New data to provide clues to Burakin earthquakes

23 February 2004

Pseudocolour image of one of the new Burakin geophysical datasets being released.

Pseudocolour image of Burakin
geophysical datasets being released
© Geoscience Australia

Geoscience Australia today released new data that will provide clues to recent earthquake activity in the Burakin area of Western Australia. The airborne geophysical data will be used to better understand the deep geological structures controlling regional earthquake activity. It will also be used to assist in geological and environmental soil mapping in the area.

Burakin has been Australia's most seismically active region for the past 40 years: in 2001-2002, over 18 000 earthquakes occurred in the area. Understanding why Burakin is earthquake prone in the present-day may lie in evidence of ancient earthquake activity. However, this evidence is not always visible at the surface, as ancient faults may be covered by sand and dirt. Geophysical techniques allow scientists to "see" through these surface materials, revealing the rocks and structures hidden below.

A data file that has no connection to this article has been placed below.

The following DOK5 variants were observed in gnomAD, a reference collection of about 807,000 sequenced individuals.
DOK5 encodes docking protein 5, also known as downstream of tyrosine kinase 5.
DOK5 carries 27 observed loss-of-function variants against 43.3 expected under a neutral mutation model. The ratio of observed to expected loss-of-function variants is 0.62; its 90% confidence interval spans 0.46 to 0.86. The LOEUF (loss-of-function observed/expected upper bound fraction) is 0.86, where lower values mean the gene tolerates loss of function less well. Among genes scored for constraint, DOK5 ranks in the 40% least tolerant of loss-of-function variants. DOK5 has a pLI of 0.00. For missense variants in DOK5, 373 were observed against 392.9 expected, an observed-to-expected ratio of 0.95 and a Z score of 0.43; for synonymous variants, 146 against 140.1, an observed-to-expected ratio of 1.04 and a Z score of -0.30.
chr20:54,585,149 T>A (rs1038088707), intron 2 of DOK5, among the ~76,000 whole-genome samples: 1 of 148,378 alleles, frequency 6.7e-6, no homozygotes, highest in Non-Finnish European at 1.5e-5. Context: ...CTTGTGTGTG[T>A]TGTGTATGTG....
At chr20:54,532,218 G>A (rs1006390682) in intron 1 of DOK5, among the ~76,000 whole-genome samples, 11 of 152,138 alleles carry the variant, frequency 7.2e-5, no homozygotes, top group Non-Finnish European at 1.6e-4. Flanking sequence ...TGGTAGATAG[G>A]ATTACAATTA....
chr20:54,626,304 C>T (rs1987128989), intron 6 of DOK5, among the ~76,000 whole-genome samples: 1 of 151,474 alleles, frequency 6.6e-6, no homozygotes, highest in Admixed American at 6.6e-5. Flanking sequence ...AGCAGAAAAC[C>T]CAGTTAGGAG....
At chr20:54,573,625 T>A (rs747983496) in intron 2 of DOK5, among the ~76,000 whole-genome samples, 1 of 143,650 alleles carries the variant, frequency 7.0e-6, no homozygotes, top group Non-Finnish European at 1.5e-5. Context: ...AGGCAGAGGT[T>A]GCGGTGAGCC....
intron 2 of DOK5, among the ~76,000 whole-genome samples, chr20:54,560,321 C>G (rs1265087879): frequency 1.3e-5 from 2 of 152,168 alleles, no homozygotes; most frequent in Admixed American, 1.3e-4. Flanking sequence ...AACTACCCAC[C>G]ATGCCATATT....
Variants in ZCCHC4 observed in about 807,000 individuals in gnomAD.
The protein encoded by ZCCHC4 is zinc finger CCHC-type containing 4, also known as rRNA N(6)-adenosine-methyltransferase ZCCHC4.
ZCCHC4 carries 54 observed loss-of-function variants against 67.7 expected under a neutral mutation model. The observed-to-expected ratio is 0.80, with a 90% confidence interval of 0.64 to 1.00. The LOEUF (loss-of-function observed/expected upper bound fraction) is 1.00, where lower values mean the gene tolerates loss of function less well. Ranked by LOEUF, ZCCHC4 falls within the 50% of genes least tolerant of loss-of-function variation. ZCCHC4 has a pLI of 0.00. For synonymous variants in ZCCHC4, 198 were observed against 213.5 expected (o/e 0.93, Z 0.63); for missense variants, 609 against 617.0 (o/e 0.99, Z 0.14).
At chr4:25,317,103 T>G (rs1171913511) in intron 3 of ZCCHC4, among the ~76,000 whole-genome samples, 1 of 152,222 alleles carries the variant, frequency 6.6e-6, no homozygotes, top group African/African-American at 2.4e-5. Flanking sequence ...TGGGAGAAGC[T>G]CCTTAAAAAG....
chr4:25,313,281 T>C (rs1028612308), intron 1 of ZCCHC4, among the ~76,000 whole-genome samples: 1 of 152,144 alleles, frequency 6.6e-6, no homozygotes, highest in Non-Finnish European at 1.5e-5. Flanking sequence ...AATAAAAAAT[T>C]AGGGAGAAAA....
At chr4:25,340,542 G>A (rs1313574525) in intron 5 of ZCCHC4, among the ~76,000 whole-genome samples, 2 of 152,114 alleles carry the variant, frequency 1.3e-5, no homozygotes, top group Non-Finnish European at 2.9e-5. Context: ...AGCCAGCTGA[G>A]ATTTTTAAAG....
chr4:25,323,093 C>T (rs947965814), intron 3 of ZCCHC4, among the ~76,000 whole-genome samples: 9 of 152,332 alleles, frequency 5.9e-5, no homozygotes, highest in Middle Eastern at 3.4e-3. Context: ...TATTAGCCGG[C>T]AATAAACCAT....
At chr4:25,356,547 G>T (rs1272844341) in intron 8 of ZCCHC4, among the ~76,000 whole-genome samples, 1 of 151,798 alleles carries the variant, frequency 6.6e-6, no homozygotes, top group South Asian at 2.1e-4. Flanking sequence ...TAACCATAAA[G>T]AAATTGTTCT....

The Burakin airborne geophysical data include new survey data and data previously acquired by private companies. The data, comprising of magnetic, gamma-ray and elevation information, can be downloaded free of charge using our new online Geophysical Archive Data Delivery System (GADDS) which is accessible using a standard web browser.

More information about the Burakin geophysical data release, including survey specifications [PDF 71KB].

Topic contact: Last updated: October 4, 2013